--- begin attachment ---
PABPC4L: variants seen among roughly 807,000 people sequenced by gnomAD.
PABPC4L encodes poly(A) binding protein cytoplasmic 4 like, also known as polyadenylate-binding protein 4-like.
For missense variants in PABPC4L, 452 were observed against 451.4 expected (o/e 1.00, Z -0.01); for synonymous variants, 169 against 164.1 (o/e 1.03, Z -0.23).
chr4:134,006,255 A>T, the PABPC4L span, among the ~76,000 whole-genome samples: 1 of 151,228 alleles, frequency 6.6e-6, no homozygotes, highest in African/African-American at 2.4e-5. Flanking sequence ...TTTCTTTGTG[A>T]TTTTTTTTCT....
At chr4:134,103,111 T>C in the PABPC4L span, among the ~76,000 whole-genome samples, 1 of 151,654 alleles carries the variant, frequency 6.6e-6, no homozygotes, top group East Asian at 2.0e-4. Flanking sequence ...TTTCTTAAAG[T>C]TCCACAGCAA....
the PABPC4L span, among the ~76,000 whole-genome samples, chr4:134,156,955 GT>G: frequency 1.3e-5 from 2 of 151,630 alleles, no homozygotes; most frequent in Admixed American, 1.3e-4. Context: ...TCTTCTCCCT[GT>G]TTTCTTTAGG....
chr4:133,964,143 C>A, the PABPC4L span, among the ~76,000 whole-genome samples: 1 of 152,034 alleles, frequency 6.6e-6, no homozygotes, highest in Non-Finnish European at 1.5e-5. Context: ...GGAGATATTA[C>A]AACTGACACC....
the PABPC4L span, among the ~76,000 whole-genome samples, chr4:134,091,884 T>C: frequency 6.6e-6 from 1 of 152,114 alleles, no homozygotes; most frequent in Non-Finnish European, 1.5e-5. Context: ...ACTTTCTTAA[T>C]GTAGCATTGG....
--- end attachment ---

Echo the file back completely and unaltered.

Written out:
PABPC4L: variants seen among roughly 807,000 people sequenced by gnomAD.
PABPC4L encodes poly(A) binding protein cytoplasmic 4 like, also known as polyadenylate-binding protein 4-like.
For missense variants in PABPC4L, 452 were observed against 451.4 expected (o/e 1.00, Z -0.01); for synonymous variants, 169 against 164.1 (o/e 1.03, Z -0.23).
chr4:134,006,255 A>T, the PABPC4L span, among the ~76,000 whole-genome samples: 1 of 151,228 alleles, frequency 6.6e-6, no homozygotes, highest in African/African-American at 2.4e-5. Flanking sequence ...TTTCTTTGTG[A>T]TTTTTTTTCT....
At chr4:134,103,111 T>C in the PABPC4L span, among the ~76,000 whole-genome samples, 1 of 151,654 alleles carries the variant, frequency 6.6e-6, no homozygotes, top group East Asian at 2.0e-4. Flanking sequence ...TTTCTTAAAG[T>C]TCCACAGCAA....
the PABPC4L span, among the ~76,000 whole-genome samples, chr4:134,156,955 GT>G: frequency 1.3e-5 from 2 of 151,630 alleles, no homozygotes; most frequent in Admixed American, 1.3e-4. Context: ...TCTTCTCCCT[GT>G]TTTCTTTAGG....
chr4:133,964,143 C>A, the PABPC4L span, among the ~76,000 whole-genome samples: 1 of 152,034 alleles, frequency 6.6e-6, no homozygotes, highest in Non-Finnish European at 1.5e-5. Context: ...GGAGATATTA[C>A]AACTGACACC....
the PABPC4L span, among the ~76,000 whole-genome samples, chr4:134,091,884 T>C: frequency 6.6e-6 from 1 of 152,114 alleles, no homozygotes; most frequent in Non-Finnish European, 1.5e-5. Context: ...ACTTTCTTAA[T>C]GTAGCATTGG....